The launch happened between 8:02 pm and 1:02 am ET from NASA’s Kennedy Space Center in Brevard County, Florida. During the mission, the passengers will be aboard a SpaceX Crew Dragon capsule that detaches from SpaceX’s 200-foot-tall Falcon 9 rocket. Elon Musk’s rocketry company modified the top of the Crew Dragon capsule to add a massive window for the astronauts. 

The history of space traveling for non-astronauts

Of course, this isn’t the first time civilians have traveled to space. Christa McAuliffe, who was the first teacher selected to go to space as part of NASA’s Teacher in Space project, died in the space shuttle ‘Challenger’ in 1986. Additionally, during the 2000s, a cohort of wealthy individuals paid their own way to the International Space Station through a company called Space Adventures. 

This mission in particular, however, has been dubbed as the start of space travel in which people can experience space exploration.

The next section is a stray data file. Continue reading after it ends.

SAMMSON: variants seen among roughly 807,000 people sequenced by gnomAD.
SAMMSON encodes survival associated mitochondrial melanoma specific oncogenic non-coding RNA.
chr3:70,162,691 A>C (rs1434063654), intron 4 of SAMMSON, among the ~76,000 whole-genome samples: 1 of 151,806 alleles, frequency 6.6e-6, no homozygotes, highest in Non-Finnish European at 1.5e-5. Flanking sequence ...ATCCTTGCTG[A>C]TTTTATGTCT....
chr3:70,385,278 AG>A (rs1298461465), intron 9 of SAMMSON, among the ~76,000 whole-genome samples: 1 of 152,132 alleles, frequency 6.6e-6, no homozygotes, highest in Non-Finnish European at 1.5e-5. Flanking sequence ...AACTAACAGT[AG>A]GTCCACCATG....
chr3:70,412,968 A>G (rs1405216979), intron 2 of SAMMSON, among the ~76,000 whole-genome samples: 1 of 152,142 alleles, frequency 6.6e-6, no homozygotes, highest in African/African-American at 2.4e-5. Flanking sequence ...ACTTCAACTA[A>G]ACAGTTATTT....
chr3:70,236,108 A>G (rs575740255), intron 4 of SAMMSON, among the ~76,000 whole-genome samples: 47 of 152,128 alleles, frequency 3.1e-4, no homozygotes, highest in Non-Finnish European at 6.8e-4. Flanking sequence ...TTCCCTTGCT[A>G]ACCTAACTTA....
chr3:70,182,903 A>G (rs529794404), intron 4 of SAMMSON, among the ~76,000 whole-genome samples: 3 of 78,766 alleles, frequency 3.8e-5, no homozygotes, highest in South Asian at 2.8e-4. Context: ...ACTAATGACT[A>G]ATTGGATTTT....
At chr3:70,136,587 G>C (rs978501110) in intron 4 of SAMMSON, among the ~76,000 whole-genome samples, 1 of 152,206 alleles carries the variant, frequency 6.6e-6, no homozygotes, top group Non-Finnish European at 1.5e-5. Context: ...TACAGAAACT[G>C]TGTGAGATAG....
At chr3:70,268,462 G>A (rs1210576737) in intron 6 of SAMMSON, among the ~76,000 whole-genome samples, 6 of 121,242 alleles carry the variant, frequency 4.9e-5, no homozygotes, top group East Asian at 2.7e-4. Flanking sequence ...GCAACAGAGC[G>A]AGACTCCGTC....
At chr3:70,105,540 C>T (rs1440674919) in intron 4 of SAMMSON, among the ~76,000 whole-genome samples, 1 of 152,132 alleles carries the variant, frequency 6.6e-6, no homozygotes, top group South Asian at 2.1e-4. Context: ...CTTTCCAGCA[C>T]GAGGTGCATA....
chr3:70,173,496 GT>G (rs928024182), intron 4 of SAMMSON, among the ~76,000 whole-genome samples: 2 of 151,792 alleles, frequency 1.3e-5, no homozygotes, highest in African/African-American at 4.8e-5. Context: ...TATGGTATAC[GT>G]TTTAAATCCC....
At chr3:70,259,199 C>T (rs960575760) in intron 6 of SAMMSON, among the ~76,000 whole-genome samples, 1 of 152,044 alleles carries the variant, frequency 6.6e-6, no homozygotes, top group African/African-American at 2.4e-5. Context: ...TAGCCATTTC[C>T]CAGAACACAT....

“Few have come before, and many are about to follow. The door is open now and it’s pretty incredible,” Inspiration4 commander Jared Isaacman said close to 10 minutes after liftoff, as heard on SpaceX’s livestream.

All about the passengers

Hayley Arceneaux is a 29-year-old cancer survivor and works as a physician assistant at St. Jude. She will serve as the flight’s chief medical officer, and will be the first person with a prosthetic body part to go to space. She is also the youngest American to go into space.

Sian Proctor, 51, a geologist and educator who was selected for a seat on this mission. She will be the first African-American woman to be a spacecraft pilot.

Chris Sembroski, a 42-year-old Seattle-based Lockheed Martin employee.  He won his seat through a raffle he entered by donating to St. Jude Children’s Hospital. He wasn’t the official winner, but his friend transferred his seat to him.